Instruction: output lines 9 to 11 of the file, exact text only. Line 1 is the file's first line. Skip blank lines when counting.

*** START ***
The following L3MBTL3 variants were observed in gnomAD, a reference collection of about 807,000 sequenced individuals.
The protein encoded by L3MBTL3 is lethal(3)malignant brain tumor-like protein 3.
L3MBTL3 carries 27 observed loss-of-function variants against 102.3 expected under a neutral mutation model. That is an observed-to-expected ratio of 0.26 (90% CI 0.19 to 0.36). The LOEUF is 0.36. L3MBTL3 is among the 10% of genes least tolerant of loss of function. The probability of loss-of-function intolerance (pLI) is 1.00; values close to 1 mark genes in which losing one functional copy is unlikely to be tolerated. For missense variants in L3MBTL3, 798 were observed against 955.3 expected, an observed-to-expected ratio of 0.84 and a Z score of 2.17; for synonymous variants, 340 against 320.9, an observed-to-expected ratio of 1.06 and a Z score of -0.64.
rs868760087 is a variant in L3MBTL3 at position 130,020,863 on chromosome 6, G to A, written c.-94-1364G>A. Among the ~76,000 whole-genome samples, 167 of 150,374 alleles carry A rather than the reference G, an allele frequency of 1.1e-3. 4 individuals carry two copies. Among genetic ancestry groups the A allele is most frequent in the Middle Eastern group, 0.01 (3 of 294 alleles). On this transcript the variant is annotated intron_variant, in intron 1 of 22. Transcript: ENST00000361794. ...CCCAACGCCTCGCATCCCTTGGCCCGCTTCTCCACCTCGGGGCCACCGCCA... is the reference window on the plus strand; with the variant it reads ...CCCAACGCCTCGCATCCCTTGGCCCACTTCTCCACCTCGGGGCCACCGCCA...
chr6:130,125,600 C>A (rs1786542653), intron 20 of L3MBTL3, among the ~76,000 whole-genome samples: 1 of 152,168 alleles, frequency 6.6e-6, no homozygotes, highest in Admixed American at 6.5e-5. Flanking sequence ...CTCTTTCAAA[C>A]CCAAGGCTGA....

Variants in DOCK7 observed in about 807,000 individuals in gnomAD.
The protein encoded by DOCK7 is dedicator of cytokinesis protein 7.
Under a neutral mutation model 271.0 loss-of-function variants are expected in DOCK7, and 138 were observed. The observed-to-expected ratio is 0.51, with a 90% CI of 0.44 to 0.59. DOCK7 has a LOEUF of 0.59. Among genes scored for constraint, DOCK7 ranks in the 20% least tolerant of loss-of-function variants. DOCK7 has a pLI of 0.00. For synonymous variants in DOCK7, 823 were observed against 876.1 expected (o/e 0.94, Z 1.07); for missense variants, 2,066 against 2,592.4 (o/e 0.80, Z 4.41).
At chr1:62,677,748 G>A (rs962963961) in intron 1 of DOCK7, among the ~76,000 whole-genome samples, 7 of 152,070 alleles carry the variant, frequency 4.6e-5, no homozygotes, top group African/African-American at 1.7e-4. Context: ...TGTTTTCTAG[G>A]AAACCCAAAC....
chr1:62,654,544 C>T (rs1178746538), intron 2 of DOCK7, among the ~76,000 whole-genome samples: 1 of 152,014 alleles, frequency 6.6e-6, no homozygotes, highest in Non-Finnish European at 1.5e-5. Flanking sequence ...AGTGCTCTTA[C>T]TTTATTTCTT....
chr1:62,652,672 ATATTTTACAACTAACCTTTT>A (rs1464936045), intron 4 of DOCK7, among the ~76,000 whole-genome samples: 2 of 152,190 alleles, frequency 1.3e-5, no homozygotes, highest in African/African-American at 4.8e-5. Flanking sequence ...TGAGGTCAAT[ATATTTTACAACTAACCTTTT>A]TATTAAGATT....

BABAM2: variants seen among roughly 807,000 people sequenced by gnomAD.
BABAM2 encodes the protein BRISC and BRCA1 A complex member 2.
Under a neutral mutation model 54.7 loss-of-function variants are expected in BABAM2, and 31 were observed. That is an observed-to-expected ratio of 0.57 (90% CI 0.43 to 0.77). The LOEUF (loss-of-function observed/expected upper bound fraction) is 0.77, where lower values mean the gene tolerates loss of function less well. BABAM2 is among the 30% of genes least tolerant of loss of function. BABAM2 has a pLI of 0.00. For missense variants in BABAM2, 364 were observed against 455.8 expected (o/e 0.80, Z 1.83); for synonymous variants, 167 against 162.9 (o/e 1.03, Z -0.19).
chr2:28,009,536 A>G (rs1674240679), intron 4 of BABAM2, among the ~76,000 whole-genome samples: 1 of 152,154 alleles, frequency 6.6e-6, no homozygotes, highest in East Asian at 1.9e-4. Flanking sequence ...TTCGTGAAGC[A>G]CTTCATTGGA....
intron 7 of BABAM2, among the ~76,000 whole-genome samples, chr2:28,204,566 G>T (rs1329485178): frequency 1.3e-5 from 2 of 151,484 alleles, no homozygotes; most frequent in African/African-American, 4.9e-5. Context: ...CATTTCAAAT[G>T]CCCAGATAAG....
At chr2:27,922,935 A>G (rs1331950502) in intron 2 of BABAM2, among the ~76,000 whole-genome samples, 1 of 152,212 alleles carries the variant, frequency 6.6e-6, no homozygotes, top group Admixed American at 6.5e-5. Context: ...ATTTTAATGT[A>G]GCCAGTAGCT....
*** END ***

At chr1:62,677,748 G>A (rs962963961) in intron 1 of DOCK7, among the ~76,000 whole-genome samples, 7 of 152,070 alleles carry the variant, frequency 4.6e-5, no homozygotes, top group African/African-American at 1.7e-4. Context: ...TGTTTTCTAG[G>A]AAACCCAAAC....
chr1:62,654,544 C>T (rs1178746538), intron 2 of DOCK7, among the ~76,000 whole-genome samples: 1 of 152,014 alleles, frequency 6.6e-6, no homozygotes, highest in Non-Finnish European at 1.5e-5. Flanking sequence ...AGTGCTCTTA[C>T]TTTATTTCTT....
chr1:62,652,672 ATATTTTACAACTAACCTTTT>A (rs1464936045), intron 4 of DOCK7, among the ~76,000 whole-genome samples: 2 of 152,190 alleles, frequency 1.3e-5, no homozygotes, highest in African/African-American at 4.8e-5. Flanking sequence ...TGAGGTCAAT[ATATTTTACAACTAACCTTTT>A]TATTAAGATT....